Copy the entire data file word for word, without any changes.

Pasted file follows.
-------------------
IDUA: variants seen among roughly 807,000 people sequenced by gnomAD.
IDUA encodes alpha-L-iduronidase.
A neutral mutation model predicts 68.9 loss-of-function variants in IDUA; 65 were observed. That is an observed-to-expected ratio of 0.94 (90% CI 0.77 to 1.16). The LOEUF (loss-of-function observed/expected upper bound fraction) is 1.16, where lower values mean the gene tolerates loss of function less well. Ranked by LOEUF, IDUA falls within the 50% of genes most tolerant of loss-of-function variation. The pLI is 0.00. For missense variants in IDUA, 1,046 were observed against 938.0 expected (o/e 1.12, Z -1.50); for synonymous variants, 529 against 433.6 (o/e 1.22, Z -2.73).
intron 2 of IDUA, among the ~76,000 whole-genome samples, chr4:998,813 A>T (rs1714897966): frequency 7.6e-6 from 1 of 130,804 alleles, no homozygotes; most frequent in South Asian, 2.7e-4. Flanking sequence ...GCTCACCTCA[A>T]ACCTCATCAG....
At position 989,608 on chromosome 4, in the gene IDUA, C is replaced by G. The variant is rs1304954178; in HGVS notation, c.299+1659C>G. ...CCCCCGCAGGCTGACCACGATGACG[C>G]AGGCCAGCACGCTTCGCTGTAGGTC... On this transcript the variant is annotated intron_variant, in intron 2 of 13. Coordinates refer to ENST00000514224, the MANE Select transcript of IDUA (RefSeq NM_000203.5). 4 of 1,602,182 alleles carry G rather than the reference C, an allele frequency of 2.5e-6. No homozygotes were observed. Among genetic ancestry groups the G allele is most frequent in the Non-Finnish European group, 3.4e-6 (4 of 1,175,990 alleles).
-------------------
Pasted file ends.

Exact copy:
IDUA: variants seen among roughly 807,000 people sequenced by gnomAD.
IDUA encodes alpha-L-iduronidase.
A neutral mutation model predicts 68.9 loss-of-function variants in IDUA; 65 were observed. That is an observed-to-expected ratio of 0.94 (90% CI 0.77 to 1.16). The LOEUF (loss-of-function observed/expected upper bound fraction) is 1.16, where lower values mean the gene tolerates loss of function less well. Ranked by LOEUF, IDUA falls within the 50% of genes most tolerant of loss-of-function variation. The pLI is 0.00. For missense variants in IDUA, 1,046 were observed against 938.0 expected (o/e 1.12, Z -1.50); for synonymous variants, 529 against 433.6 (o/e 1.22, Z -2.73).
intron 2 of IDUA, among the ~76,000 whole-genome samples, chr4:998,813 A>T (rs1714897966): frequency 7.6e-6 from 1 of 130,804 alleles, no homozygotes; most frequent in South Asian, 2.7e-4. Flanking sequence ...GCTCACCTCA[A>T]ACCTCATCAG....
At position 989,608 on chromosome 4, in the gene IDUA, C is replaced by G. The variant is rs1304954178; in HGVS notation, c.299+1659C>G. ...CCCCCGCAGGCTGACCACGATGACG[C>G]AGGCCAGCACGCTTCGCTGTAGGTC... On this transcript the variant is annotated intron_variant, in intron 2 of 13. Coordinates refer to ENST00000514224, the MANE Select transcript of IDUA (RefSeq NM_000203.5). 4 of 1,602,182 alleles carry G rather than the reference C, an allele frequency of 2.5e-6. No homozygotes were observed. Among genetic ancestry groups the G allele is most frequent in the Non-Finnish European group, 3.4e-6 (4 of 1,175,990 alleles).